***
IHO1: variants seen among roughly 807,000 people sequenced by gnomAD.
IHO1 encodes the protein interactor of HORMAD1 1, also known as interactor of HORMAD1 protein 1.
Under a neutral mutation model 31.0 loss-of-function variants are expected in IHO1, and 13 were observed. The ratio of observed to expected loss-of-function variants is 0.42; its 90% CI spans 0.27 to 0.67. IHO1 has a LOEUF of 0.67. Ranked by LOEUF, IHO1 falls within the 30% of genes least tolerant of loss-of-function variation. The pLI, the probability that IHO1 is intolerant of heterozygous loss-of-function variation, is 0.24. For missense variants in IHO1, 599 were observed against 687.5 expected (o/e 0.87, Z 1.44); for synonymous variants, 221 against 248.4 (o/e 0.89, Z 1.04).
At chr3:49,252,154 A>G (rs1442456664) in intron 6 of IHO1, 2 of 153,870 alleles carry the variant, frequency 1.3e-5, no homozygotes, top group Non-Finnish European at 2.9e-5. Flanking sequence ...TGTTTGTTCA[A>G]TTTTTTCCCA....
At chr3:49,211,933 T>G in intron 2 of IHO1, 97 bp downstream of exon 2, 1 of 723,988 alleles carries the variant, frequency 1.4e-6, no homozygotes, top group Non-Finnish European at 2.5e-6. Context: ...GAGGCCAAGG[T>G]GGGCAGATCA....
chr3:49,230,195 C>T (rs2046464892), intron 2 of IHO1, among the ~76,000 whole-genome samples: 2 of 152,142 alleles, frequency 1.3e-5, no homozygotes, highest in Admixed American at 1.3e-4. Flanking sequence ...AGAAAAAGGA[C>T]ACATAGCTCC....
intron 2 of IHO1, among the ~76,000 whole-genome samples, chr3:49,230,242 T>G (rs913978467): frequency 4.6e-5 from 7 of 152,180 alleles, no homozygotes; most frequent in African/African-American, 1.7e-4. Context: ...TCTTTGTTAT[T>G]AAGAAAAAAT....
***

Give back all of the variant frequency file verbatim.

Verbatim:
IHO1: variants seen among roughly 807,000 people sequenced by gnomAD.
IHO1 encodes the protein interactor of HORMAD1 1, also known as interactor of HORMAD1 protein 1.
Under a neutral mutation model 31.0 loss-of-function variants are expected in IHO1, and 13 were observed. The ratio of observed to expected loss-of-function variants is 0.42; its 90% CI spans 0.27 to 0.67. IHO1 has a LOEUF of 0.67. Ranked by LOEUF, IHO1 falls within the 30% of genes least tolerant of loss-of-function variation. The pLI, the probability that IHO1 is intolerant of heterozygous loss-of-function variation, is 0.24. For missense variants in IHO1, 599 were observed against 687.5 expected (o/e 0.87, Z 1.44); for synonymous variants, 221 against 248.4 (o/e 0.89, Z 1.04).
At chr3:49,252,154 A>G (rs1442456664) in intron 6 of IHO1, 2 of 153,870 alleles carry the variant, frequency 1.3e-5, no homozygotes, top group Non-Finnish European at 2.9e-5. Flanking sequence ...TGTTTGTTCA[A>G]TTTTTTCCCA....
At chr3:49,211,933 T>G in intron 2 of IHO1, 97 bp downstream of exon 2, 1 of 723,988 alleles carries the variant, frequency 1.4e-6, no homozygotes, top group Non-Finnish European at 2.5e-6. Context: ...GAGGCCAAGG[T>G]GGGCAGATCA....
chr3:49,230,195 C>T (rs2046464892), intron 2 of IHO1, among the ~76,000 whole-genome samples: 2 of 152,142 alleles, frequency 1.3e-5, no homozygotes, highest in Admixed American at 1.3e-4. Flanking sequence ...AGAAAAAGGA[C>T]ACATAGCTCC....
intron 2 of IHO1, among the ~76,000 whole-genome samples, chr3:49,230,242 T>G (rs913978467): frequency 4.6e-5 from 7 of 152,180 alleles, no homozygotes; most frequent in African/African-American, 1.7e-4. Context: ...TCTTTGTTAT[T>G]AAGAAAAAAT....